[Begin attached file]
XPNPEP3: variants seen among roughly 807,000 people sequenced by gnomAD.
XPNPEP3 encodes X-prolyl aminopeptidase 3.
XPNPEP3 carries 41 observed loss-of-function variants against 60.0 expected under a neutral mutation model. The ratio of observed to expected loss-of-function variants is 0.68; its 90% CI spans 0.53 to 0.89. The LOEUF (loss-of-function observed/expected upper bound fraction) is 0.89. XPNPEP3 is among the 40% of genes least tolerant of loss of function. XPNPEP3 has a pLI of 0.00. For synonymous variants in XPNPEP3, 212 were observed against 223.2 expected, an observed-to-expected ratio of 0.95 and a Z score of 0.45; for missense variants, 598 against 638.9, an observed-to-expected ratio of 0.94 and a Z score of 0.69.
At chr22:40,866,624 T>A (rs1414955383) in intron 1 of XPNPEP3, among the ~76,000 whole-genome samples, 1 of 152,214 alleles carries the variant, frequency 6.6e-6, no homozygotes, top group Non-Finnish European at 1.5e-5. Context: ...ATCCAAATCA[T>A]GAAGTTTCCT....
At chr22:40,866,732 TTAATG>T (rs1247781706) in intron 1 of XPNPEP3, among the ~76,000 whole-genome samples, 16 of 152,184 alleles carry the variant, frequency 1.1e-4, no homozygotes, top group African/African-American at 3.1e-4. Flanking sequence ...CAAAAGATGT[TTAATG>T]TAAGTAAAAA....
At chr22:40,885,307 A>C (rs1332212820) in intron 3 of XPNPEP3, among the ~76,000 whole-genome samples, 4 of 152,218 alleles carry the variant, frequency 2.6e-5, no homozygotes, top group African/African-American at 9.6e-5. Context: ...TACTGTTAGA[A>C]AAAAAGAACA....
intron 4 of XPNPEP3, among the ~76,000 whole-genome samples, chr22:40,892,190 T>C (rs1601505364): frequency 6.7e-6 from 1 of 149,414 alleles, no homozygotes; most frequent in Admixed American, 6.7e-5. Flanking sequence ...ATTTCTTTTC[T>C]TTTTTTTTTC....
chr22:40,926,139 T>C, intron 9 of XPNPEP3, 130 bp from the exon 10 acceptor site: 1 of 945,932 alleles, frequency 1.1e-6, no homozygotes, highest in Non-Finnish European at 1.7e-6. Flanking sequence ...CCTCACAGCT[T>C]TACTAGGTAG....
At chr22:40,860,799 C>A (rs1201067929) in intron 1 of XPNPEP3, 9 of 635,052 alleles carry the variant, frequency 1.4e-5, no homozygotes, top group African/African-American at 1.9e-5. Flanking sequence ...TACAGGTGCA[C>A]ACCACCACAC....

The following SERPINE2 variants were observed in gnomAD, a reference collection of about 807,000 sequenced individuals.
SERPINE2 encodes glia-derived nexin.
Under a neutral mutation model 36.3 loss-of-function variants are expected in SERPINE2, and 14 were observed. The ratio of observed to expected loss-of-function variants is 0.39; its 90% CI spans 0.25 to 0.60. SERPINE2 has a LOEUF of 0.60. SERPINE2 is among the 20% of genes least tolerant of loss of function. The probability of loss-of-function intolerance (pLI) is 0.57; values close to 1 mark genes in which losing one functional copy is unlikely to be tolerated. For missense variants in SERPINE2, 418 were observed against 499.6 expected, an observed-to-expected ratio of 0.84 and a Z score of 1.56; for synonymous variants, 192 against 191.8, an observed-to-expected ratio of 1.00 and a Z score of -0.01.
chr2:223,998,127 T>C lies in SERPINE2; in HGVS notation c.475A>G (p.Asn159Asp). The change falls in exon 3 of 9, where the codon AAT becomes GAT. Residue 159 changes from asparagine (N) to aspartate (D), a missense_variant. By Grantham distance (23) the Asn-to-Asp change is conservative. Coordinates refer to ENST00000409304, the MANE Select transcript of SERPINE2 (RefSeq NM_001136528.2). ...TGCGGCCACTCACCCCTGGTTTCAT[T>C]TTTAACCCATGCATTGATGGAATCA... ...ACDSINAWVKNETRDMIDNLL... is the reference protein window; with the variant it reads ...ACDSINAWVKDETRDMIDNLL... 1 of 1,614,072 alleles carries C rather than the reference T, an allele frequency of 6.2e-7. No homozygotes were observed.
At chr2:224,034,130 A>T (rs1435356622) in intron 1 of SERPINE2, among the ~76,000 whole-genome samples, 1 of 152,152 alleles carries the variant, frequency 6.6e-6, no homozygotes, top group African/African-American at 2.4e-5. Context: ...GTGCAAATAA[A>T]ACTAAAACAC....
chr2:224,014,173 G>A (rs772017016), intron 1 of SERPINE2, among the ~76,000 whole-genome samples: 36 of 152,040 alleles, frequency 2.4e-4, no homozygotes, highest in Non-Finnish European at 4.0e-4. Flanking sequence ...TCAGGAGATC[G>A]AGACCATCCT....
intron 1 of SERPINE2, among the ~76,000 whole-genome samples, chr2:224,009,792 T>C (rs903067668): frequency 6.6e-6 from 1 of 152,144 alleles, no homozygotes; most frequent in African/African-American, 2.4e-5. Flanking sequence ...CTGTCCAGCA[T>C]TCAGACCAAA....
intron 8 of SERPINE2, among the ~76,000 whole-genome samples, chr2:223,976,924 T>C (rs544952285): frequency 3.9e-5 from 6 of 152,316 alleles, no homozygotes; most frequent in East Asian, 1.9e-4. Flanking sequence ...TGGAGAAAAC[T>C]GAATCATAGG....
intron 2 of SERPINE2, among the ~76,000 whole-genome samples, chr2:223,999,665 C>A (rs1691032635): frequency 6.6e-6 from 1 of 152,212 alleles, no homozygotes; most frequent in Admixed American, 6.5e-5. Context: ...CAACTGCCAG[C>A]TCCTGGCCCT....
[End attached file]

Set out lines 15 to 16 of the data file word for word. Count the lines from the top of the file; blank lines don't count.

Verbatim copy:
chr2:224,014,173 G>A (rs772017016), intron 1 of SERPINE2, among the ~76,000 whole-genome samples: 36 of 152,040 alleles, frequency 2.4e-4, no homozygotes, highest in Non-Finnish European at 4.0e-4. Flanking sequence ...TCAGGAGATC[G>A]AGACCATCCT....
intron 1 of SERPINE2, among the ~76,000 whole-genome samples, chr2:224,009,792 T>C (rs903067668): frequency 6.6e-6 from 1 of 152,144 alleles, no homozygotes; most frequent in African/African-American, 2.4e-5. Flanking sequence ...CTGTCCAGCA[T>C]TCAGACCAAA....